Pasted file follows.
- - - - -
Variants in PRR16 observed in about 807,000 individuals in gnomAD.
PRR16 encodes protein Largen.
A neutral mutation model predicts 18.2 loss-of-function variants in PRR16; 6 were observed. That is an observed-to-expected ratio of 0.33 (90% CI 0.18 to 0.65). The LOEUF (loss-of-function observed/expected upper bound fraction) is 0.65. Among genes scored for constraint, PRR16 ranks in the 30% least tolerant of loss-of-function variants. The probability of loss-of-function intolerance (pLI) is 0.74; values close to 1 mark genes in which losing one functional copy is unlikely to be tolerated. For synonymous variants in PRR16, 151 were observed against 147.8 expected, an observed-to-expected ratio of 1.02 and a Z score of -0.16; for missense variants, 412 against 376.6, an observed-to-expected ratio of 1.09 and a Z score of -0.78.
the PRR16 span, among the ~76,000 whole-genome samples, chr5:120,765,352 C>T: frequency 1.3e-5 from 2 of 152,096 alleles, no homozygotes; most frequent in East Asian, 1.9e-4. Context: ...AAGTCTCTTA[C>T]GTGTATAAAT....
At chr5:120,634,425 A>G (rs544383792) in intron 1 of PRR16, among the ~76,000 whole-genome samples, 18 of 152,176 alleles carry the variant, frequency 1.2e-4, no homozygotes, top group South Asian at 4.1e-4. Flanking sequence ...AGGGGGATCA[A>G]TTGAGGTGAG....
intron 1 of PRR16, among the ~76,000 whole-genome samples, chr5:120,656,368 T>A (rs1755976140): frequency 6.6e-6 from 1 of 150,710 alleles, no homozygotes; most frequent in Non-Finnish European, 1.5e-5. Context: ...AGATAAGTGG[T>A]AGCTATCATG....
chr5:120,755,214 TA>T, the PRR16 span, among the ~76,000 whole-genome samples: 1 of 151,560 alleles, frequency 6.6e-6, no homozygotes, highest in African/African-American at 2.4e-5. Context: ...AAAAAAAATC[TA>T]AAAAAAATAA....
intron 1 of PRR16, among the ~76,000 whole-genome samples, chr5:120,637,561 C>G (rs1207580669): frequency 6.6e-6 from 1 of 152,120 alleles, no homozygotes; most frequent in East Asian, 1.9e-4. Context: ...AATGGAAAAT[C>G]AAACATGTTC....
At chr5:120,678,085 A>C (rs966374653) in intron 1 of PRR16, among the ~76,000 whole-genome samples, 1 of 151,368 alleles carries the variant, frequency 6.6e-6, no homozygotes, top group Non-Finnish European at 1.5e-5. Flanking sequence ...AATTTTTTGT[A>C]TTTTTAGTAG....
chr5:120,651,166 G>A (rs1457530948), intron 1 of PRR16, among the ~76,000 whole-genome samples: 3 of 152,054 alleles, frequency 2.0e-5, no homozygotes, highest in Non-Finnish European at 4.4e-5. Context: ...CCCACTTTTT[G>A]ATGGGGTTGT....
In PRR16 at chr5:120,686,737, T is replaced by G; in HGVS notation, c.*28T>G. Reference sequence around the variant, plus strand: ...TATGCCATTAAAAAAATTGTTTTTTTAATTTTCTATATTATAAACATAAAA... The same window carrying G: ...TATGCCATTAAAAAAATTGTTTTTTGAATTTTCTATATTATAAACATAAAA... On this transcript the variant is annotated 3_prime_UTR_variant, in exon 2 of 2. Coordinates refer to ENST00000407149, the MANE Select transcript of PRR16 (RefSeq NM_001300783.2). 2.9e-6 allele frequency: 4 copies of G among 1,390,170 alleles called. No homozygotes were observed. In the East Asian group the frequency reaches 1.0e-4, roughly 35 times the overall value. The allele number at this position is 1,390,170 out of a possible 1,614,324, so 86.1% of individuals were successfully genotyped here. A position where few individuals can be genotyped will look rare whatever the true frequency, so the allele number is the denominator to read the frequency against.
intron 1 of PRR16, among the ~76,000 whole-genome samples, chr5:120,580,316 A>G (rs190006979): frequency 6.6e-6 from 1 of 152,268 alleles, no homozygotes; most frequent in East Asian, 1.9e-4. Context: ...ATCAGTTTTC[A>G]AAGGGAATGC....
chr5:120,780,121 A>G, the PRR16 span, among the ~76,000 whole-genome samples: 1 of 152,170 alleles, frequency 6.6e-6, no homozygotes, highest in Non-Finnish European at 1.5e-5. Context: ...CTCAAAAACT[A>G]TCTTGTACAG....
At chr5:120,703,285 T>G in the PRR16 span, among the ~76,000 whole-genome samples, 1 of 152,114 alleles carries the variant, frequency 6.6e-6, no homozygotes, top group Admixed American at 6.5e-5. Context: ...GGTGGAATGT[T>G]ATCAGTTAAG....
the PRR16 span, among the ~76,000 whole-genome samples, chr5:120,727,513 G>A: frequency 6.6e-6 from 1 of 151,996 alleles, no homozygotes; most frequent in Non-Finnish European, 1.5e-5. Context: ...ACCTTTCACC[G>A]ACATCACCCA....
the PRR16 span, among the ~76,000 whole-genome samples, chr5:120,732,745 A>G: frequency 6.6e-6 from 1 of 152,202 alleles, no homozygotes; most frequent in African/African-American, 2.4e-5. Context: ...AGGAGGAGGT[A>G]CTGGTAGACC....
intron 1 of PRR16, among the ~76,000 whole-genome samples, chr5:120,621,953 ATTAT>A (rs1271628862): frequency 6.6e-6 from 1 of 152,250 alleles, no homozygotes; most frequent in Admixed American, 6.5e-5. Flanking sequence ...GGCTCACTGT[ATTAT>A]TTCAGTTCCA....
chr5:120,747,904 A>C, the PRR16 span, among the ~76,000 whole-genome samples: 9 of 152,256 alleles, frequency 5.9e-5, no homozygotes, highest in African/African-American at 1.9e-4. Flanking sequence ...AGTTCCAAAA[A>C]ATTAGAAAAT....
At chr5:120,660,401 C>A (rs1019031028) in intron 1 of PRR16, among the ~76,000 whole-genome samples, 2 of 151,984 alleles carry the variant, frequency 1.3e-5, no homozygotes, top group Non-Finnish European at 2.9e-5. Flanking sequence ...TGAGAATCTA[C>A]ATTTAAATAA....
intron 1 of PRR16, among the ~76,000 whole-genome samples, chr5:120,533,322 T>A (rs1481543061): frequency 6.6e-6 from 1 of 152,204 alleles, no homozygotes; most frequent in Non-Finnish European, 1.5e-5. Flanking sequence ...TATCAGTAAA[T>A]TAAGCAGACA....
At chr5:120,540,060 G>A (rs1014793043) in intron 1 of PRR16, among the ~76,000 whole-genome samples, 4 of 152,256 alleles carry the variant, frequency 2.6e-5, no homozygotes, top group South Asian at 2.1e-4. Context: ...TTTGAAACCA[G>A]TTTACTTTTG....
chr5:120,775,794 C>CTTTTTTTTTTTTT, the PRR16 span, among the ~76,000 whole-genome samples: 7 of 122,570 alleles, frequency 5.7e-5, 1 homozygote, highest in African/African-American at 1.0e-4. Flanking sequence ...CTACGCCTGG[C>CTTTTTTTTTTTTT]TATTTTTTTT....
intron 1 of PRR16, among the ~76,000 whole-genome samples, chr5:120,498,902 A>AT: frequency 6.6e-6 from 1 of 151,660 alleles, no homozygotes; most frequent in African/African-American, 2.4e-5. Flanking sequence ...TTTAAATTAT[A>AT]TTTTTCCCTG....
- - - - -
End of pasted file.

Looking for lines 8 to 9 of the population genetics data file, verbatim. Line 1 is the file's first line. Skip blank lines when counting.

intron 1 of PRR16, among the ~76,000 whole-genome samples, chr5:120,637,561 C>G (rs1207580669): frequency 6.6e-6 from 1 of 152,120 alleles, no homozygotes; most frequent in East Asian, 1.9e-4. Context: ...AATGGAAAAT[C>G]AAACATGTTC....
At chr5:120,678,085 A>C (rs966374653) in intron 1 of PRR16, among the ~76,000 whole-genome samples, 1 of 151,368 alleles carries the variant, frequency 6.6e-6, no homozygotes, top group Non-Finnish European at 1.5e-5. Flanking sequence ...AATTTTTTGT[A>C]TTTTTAGTAG....